adolescents aged 12 to 17 who had a documented history of struggling to lose or maintain weight during a lifestyle modification program, with a mean age of 14 years and a mean BMI of 37.8 kg/m2.20 Those who received the high- dose treatment (15 mg/92 mg) had a BMI percent change of -10.44 at 56 weeks, while the mid-dose group (7.5 mg/46 mg) had a change of -8.11, compared to the placebo group. Additionally, treatment led to improved cholesterol levels, and there were no significant differences in AEs between the treatment and placebo groups in the high- and mid-dose ranges.20
Many individuals use metformin, an antidiabetic agent used in patients
10 years and older, off-label for various other indications, including prediabetes, PCOS, and prevention of weight gain when using atypical antipsychotic drugs.2 Metformin decreases glucose production in the liver, decreases intestinal glucose absorption, and increases insulin sensitivity, thus reducing blood glucose levels. Studies show that adolescents taking metformin ER (extended-release) 2000 mg daily reduced BMI by about 1 kg/m2 compared to a slight BMI increase shown in teens in a lifestyle-only program.21
Metformin is available in immediate- and extended-release formulations and the recommended starting dose is 500 mg once or twice daily. Providers can gradually increase up to a maximum daily dose of 2500 mg.2 Gastrointestinal AEs such as bloating, nausea, flatulence, and diarrhea, are most common and dose-dependent (i.e., higher dose leads to more AEs). Given its limited and inconsistent efficacy, providers should consider metformin as a supplementary option when combined with IBHLT, particularly when other indications for use apply.2
Exenatide, a GLP-1 receptor agonist administered through weekly injections, is FDA-approved for children aged 10 to 17 years with T2DM. Studies have demonstrated varying degrees of BMI reduction (ranging from 0.9 to 1.18 kg/m2) in children as young as 8 years.2 However, it is also associated with significant AEs, including nausea, hypoglycemia, diarrhea, and other gastrointestinal upset.22 The drug is not approved for patients with obesity without T2DM.
Melanocortin 4 (M4) receptors in the brain regulate hunger, satiety, and energy expenditure.2 Setmelanotide, an M4 receptor agonist, is FDA-approved for chronic weight management in patients 6 years and older with monogenic or syndromic obesity due to genetic medical conditions.23 Patients with the indicated genetic conditions experience hyperphagia, a feeling of extreme, insatiable hunger. The daily dose is 1 to 3 mg subcutaneously once daily, and results in weight loss of 12% to 25% over 1 year in a small, uncontrolled study of patients with these rare deficits.2 Setmelanotide may cause skin hyperpigmentation, injection site reactions, nausea, headache, diarrhea, abdominal pain, vomiting, depression, and spontaneous penile erection. The drug is not indicated for use in patients with general obesity.23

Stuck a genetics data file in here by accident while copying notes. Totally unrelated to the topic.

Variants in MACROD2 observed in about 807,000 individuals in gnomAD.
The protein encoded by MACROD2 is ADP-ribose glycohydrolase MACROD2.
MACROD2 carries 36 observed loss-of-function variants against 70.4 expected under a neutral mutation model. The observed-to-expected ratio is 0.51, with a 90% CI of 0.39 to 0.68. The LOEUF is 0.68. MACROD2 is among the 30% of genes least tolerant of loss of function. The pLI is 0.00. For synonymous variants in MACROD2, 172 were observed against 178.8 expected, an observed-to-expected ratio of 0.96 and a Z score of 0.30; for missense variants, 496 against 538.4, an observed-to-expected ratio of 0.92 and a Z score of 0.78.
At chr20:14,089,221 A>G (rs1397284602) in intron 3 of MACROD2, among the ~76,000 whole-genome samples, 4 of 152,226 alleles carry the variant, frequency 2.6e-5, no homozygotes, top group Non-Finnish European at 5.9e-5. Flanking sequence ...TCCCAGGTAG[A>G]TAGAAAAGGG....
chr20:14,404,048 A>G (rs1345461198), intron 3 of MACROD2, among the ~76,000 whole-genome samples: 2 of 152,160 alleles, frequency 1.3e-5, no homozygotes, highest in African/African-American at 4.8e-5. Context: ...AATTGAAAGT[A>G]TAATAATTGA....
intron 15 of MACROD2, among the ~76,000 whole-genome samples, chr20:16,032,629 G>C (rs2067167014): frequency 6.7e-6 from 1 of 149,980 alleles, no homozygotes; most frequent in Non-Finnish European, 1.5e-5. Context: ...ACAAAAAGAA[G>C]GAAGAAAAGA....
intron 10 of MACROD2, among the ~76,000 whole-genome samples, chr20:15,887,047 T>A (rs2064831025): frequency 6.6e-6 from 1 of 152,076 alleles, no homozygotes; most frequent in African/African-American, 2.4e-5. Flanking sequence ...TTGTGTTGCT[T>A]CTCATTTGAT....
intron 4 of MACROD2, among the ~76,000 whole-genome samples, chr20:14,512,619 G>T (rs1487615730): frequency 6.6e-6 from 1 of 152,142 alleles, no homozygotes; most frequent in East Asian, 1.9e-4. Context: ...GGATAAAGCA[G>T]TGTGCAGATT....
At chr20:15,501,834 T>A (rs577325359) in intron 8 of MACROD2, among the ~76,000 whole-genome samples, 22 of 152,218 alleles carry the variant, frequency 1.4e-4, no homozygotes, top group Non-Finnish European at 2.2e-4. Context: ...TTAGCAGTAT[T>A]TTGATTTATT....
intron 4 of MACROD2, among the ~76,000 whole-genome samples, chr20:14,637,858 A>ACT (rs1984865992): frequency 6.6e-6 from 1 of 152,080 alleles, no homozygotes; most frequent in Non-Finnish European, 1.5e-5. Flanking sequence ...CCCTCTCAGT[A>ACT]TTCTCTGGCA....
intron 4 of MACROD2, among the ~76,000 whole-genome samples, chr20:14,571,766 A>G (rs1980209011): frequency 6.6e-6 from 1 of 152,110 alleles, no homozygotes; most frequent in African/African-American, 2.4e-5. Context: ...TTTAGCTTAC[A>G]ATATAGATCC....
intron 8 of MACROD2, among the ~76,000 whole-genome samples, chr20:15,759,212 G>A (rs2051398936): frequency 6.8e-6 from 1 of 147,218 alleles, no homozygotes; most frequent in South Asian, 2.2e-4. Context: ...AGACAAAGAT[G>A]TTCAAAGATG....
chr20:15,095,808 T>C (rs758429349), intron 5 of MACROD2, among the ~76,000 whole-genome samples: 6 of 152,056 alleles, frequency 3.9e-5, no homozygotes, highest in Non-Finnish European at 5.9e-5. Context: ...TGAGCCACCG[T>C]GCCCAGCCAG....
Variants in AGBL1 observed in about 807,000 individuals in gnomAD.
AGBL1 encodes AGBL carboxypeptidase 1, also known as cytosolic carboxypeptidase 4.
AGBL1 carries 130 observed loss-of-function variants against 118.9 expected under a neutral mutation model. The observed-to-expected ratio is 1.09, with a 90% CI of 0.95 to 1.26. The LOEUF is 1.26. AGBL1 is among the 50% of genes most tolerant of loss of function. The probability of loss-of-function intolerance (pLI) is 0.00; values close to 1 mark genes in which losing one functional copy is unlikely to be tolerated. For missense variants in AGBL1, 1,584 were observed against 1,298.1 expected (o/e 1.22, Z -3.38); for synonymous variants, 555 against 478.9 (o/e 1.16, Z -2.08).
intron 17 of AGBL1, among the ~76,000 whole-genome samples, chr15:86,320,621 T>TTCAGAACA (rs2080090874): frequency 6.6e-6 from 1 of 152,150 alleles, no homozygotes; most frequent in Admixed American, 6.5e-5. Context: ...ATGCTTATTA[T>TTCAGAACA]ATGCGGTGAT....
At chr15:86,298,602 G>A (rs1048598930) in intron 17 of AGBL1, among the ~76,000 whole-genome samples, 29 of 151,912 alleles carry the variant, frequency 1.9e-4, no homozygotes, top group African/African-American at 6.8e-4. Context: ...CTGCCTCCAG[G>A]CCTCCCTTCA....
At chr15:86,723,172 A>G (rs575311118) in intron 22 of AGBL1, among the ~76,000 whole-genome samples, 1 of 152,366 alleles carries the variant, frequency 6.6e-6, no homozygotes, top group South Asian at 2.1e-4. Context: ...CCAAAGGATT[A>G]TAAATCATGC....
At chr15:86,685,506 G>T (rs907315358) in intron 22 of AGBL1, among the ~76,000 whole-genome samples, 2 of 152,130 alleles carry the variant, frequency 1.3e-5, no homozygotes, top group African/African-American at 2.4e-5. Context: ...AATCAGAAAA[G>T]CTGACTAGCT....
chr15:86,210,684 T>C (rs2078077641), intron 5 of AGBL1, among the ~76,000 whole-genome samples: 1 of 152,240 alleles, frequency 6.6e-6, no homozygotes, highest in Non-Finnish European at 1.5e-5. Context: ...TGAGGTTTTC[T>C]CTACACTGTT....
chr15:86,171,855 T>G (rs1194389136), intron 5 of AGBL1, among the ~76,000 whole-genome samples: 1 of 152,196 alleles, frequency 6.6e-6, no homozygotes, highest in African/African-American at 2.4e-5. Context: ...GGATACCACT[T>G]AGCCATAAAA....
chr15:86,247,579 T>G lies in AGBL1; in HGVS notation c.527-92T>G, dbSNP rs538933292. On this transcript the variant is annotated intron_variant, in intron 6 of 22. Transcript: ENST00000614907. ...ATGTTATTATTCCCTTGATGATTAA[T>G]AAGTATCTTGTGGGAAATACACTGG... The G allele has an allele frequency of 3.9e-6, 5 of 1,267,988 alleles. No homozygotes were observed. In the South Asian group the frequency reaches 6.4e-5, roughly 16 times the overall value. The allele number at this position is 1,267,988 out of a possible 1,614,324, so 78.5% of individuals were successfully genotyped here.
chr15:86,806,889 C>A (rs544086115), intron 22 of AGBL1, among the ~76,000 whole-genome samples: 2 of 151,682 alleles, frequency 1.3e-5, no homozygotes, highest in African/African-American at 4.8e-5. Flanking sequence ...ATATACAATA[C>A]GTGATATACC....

Providers use lisdexamfetamine. Lisdexamfetamine is a stimulant indicated for attention-deficit/hyperactivity disorder (ADHD) in children 6 years and older and binge eating disorder in adults. It is used off-label for children with obesity.2 The drug’s mechanism of action for weight loss is like that of phentermine’s. The AAP indicates that insufficient evidence exists for lisdexamfetamine use for weight loss in pediatric patients, but pharmacists should recognize that some providers may still prescribe it for this purpose.2 Notably, lisdexamfetamine is also a controlled substance and carries risks for dependence similar to phentermine.
Metabolic and Bariatric Surgery
The most severe forms of pediatric obesity — those that fall into class 2 severe obesity or worse — represent an “epidemic within an epidemic.”2 Large, well-designed prospective observational studies have compared adolescents who undergo bariatric surgical treatment to nonsurgical controls. Data suggest that weight loss surgery is safe and effective for pediatric patients.2 Eligibility for weight loss surgery relies heavily on shared decision-making between the surgery team, the patient, and the patient’s caregivers, but initial criteria include the following:2